After checking in, the couple decided to head to the hotel bar for a nightcap. Luckily two seats opened up just as they walked in. They sat down and the bartender stood with his back turned watching …
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After checking in, the couple decided to head to the hotel bar for a nightcap. Luckily two seats opened up just as they walked in. They sat down and the bartender stood with his back turned watching the television as a Thursday Night Football game was being televised. The couple waited and when they saw a second bartender come in their direction, they thought they might finally be able to order a drink. They were disappointed as the second bartender also turned their back to watch the game.
Finally getting their attention, they received their drinks. No engagement with the patrons, just back to watching the game. Having visited more than a bar or two in my day, and having been a bartender earlier in my life, I have a great appreciation for those great bartenders who know that sometimes people come looking for an ear that will listen, a friend to talk to, a therapist to hear their problems, or someone to celebrate with. The couple finished their drinks and left.
Here’s another story that was shared with me by a sales leader. She was on a virtual sales call with one of her salespeople. They were using Zoom so they could all turn on their webcam and see each other, almost as if they were face-to-face and in person. The sales leader was invited to the meeting to share specific and new information with the prospect. The salesperson thought it would be better received coming from a senior leader.
As the meeting went on and the sales leader started discussing important data while also gathering great information through relevant questioning, she noticed that her salesperson wasn’t really paying attention. They looked distracted and were probably multi-tasking. Although she noticed it, her hopes were that the prospect wouldn’t really notice. Well into the discussion the salesperson finally started paying attention, but as it turned out, it was a little too little and a little too late. The final straw was when the salesperson brought up an irrelevant topic and asked an unrelated question. Unfortunately, they did not win the business.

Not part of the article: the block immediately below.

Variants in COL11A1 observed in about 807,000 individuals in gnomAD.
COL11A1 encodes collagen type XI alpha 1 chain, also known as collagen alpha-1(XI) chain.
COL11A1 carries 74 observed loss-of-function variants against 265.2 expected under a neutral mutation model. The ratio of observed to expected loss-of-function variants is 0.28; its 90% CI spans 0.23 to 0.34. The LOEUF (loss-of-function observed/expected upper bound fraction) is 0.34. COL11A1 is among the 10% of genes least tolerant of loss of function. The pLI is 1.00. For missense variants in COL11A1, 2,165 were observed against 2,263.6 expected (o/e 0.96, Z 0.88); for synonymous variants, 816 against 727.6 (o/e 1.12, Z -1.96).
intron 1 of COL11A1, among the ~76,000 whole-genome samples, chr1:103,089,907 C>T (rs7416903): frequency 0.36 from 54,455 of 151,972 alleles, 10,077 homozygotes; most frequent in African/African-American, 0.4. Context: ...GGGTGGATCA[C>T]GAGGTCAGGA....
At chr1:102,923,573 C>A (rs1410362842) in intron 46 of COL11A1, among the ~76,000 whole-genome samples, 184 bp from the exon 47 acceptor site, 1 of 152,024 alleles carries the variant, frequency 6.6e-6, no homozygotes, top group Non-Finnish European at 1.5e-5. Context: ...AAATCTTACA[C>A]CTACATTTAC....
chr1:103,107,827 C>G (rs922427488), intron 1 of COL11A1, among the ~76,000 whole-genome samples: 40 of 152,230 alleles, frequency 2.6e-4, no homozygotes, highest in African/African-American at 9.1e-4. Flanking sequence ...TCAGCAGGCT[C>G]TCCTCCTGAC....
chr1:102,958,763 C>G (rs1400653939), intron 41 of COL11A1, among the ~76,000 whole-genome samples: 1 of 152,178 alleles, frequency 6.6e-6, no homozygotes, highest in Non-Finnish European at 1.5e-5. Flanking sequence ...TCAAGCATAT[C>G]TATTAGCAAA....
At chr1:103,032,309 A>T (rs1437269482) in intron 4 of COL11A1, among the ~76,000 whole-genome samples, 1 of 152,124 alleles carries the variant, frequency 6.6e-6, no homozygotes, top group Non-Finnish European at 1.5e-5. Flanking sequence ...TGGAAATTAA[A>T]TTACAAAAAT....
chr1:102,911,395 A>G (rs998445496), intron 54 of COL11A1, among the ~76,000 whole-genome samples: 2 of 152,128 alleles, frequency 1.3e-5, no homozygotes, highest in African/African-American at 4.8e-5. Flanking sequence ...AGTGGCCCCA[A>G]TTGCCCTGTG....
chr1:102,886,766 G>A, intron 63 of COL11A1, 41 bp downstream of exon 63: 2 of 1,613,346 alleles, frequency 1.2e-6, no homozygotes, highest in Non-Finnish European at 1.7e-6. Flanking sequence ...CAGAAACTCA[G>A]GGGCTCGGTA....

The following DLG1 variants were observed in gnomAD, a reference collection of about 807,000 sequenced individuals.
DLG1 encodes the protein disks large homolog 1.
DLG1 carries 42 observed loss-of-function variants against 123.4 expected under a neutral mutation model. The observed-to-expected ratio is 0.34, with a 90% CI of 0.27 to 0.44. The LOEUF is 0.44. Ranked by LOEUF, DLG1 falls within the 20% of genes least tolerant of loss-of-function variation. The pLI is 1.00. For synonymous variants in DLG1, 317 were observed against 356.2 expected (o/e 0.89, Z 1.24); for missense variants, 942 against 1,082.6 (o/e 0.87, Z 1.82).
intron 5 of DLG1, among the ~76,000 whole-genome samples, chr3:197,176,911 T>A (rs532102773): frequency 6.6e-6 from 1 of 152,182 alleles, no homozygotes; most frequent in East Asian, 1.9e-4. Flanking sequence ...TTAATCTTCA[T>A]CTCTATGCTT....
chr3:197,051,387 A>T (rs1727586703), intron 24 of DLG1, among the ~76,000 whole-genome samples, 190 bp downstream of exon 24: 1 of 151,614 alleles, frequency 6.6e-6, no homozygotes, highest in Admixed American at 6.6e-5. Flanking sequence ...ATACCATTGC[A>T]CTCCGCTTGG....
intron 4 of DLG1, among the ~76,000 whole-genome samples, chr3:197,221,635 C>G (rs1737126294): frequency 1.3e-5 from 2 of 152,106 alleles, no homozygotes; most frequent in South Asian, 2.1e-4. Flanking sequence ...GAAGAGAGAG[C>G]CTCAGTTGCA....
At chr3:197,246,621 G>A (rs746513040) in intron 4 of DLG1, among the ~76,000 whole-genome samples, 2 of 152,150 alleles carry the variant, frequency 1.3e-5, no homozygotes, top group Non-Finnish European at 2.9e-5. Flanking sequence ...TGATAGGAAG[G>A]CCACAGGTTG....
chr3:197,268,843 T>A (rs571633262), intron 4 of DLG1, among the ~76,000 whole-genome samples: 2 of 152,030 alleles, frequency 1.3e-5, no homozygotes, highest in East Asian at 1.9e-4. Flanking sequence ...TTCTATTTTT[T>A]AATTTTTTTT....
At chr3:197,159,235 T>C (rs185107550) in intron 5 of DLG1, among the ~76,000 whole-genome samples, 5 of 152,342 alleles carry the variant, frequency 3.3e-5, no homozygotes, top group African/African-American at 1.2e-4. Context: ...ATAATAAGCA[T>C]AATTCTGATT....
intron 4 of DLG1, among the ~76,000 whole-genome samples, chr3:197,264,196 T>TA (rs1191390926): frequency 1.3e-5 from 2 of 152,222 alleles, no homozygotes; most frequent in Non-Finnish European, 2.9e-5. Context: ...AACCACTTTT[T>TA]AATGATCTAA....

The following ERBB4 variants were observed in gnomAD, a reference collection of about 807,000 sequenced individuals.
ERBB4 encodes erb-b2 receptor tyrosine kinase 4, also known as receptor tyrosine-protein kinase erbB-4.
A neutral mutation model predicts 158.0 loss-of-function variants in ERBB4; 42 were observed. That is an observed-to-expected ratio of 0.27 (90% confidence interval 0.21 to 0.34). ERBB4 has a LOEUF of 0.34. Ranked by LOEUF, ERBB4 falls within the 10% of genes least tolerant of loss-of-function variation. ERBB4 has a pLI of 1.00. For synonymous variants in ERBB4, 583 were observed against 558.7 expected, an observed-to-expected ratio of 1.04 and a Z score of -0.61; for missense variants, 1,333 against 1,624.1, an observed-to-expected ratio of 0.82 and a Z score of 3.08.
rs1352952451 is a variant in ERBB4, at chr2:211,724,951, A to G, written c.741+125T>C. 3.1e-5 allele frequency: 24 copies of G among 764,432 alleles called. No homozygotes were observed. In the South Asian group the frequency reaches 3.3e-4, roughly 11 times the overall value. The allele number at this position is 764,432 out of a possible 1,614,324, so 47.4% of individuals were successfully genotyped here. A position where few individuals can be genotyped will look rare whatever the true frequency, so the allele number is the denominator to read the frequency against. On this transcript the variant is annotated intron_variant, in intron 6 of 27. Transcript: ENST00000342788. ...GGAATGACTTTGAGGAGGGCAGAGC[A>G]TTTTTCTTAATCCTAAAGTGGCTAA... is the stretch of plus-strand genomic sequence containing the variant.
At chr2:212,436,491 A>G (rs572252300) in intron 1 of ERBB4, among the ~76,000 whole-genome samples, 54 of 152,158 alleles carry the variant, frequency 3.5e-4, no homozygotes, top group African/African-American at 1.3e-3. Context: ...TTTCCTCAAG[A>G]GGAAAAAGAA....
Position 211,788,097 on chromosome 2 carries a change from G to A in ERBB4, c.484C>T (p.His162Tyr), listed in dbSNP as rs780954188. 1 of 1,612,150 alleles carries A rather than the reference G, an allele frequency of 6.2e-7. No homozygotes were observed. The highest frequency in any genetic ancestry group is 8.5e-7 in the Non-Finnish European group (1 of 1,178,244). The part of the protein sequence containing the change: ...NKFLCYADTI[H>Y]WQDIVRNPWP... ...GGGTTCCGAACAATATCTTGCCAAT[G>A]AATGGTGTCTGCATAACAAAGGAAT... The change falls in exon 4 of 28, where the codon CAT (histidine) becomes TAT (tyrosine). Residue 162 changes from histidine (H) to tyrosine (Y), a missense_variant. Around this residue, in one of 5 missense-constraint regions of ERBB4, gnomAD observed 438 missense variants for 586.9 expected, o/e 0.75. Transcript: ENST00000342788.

How many times have we tuned out those around us only to tune into a game, an app, or something else? If we are being honest, it’s probably happening more often than we care to admit.
Imagine the teacher not being truly engaged with their student, the spouse not tuned in to their better half, the parent not engaging with their child, or a best friend losing interest in something that is important to their friend in that moment. In any one of those situations, I believe the relationship will suffer when we fail to truly engage.
Engagement is so vitally important in any relationship. Combine engagement with intentionality and we have a true winning recipe for a winning relationship to thrive. An example of intentional engagement is when we are watching television and our spouse or child asks us a question or wants to talk and we simply turn off the TV and intentionally engage. A common mistake that sends the wrong message is when we say, “OK, how about at the next commercial or at halftime, or when the show is over?” When we do that, we are saying that the game or show is more important than our child or spouse.
And if it’s not TV, can we close our computer, put down our phone, or stop what we are doing to actively listen and engage with those around us? Engagement, intentional engagement, really does make all the difference.
How about you? Are you finding yourself distracted and multi-tasking and maybe even disengaged? Have you ever noticed when someone else doesn’t appear to be actively or intentionally engaged with you? How did that feel? And have you ever responded to someone looking for your undivided attention by saying, “After the next commercial or at halftime?” I would love to hear your story at firstname.lastname@example.org, and when we can engage with intentionality, it really will be a better than good life?
Michael Norton is an author, a personal and professional coach, consultant, trainer, encourager and motivator of individuals and businesses, working with organizations and associations across multiple industries.
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